This is the frozen landscape we’re accustomed to, not the warm weather we’ve had till now. The nice thing about snow, cold, and ice is the starkness of the landscape. The trees are barer and the shrubs, bushes and stalks are completely gone. Everything is vastly simplified and you espy the contours of the hills and valleys, and the small tunnels in which creeks become rivers. You see the earth at its most basic, before the adornments of vegetation take over.
Sometimes I think that that’s my landscape too as I get older, not as full of things, activity, people, and travel. I had such an adorned landscape for my life, but now it’s rich in a whole other way. It’s just life, my life, and what’s up for me is how to walk the icy terrain in my old boots with yaktraks and not slip and fall. Be careful, yes, but watch the beauty around me and the races being run.
“Aussie, stop rushing into Henry and taking him down. He’s a quarter your size!”
“I love crashing into him, he doesn’t have a chance.”
“Auss, can’t you try a win/win situation?”
“Win/win? What’s that?”
“It’s where you and Henry win, not just you.”
“I prefer win/lose, because I always win and he always loses.”
“Why does one have to come at the expense of the other?”
“Because it’s more fun that way. I not only win, I also hear him whine when he hits the ground.”
“Only sometimes he cries out because you hurt him. And it’s not fair, Aussie, you’re bigger than he is.”
“Of course it’s fair. I run hard to beat him. You know how many squirrels I’ve shaken by the neck as practice to throwing Henry down to the ground? It’s dog-eat-dog out there, and I’m the one doing the eating.”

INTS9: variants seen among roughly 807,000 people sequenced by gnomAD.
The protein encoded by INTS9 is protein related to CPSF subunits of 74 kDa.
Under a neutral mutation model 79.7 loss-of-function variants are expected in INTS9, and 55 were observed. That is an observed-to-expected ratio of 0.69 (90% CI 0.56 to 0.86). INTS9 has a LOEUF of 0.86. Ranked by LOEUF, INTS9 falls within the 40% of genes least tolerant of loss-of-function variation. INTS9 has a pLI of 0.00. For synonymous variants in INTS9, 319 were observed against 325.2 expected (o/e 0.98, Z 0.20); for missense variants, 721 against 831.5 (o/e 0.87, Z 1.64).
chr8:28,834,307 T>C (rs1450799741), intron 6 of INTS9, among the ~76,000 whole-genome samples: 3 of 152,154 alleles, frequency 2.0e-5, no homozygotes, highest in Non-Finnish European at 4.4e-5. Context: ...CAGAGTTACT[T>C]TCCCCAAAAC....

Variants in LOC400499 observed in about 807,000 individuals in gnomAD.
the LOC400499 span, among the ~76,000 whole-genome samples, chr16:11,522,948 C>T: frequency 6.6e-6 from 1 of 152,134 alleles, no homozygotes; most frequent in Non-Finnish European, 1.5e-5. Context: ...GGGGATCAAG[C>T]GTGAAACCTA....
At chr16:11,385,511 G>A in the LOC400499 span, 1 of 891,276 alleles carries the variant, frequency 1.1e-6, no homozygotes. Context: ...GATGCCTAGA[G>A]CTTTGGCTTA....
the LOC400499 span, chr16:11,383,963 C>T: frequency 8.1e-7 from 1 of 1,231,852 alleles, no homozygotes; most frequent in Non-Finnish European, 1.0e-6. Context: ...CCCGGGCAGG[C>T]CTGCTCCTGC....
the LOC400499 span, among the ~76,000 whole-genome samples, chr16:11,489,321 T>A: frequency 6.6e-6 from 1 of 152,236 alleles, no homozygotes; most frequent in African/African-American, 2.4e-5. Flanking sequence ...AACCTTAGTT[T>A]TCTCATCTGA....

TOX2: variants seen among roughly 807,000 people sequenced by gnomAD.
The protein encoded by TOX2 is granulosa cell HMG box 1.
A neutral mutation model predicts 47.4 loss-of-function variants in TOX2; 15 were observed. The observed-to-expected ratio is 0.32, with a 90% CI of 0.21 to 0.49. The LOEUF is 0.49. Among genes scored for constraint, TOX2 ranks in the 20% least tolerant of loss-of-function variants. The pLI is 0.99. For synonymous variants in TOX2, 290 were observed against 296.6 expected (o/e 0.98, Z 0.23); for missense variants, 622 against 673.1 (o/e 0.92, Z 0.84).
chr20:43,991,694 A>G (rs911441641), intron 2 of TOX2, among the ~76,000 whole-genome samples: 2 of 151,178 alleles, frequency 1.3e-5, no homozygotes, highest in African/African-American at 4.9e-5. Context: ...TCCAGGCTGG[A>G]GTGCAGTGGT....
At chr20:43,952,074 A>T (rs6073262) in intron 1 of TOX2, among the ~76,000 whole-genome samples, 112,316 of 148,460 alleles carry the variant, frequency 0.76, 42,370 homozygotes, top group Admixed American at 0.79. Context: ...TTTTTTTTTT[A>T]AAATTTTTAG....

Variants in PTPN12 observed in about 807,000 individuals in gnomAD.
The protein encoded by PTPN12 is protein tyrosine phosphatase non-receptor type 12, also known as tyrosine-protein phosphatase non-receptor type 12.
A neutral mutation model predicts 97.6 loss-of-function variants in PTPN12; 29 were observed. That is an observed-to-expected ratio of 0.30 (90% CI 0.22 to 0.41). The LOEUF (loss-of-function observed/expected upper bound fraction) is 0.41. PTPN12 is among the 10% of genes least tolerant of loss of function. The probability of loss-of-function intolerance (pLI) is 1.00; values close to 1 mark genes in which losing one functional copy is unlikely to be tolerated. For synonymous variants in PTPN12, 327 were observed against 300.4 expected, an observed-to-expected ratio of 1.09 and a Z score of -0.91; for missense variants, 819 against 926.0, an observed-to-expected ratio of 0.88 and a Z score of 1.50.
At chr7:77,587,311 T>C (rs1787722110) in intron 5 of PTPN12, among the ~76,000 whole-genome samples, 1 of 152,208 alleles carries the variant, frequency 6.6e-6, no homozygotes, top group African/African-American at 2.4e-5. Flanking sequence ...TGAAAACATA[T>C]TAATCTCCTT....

“But Aussie, you’ve also inherited certain ingredients that make you faster from your parents.”
“I’m a self-made dog. You’re a Communist.”
“Aussie, can you imagine a play situation where you both win?”
“How about you chase him without running him to the ground? Or you could slow down a bit, that way you’re still chasing him but you’re giving him more room to run.”
“What kind of challenge is that? The fun part is winning, always winning!”
“Oh Aussie, it’s so important to look at how to help others win, not just ourselves. And not just now, but across generations. That’s why the Native Americans talk about considering things down to the 7th generation before making any decision.”
“They’re losers, that’s why they talk that way!”
“In this competitive win/lose way of life, we’re all losers eventually, Aussie, it’s bringing us to the very edge. We commodify everything in order to win, and the riches we accumulate we leave to our children so that they have a big head-start over everybody else. It can’t go on this way, the earth won’t let us. Things are too fragile, we’re not living for the long run. At some point Henry will stop running, or else you’ll really hurt him one day and that’ll be the end of racing, except for our race to the cliff.”
“OK, I’ll give Henry a couple of licks to make him feel good, but I’m still going to win and throw him down on the ground.”
“It’s like saying we’ll race to the cliff in a nice way, help each other out a little, send aid to countries with famine and tanks to Ukraine, but we’re still racing to the cliff.
It reminds me of years ago when I lived in Manhattan right above the route of the New York City Marathon. Thousands of people would run uptown along First Avenue and I would join the crowd on the sidewalk, cheering them on, and people would run alongside the runners and hand them bottles of water to drink, trying to help the runners get to the finish line. Only our finish line is the cliff, and I start wondering if that’s what I’m doing, too, supplying comfort and help to the runners, only this is a race we’re all running, not to Central Park but to the very edge. Get it?”
“No, Quick, I’m off chasing down Henry. Save it for later, okay?”
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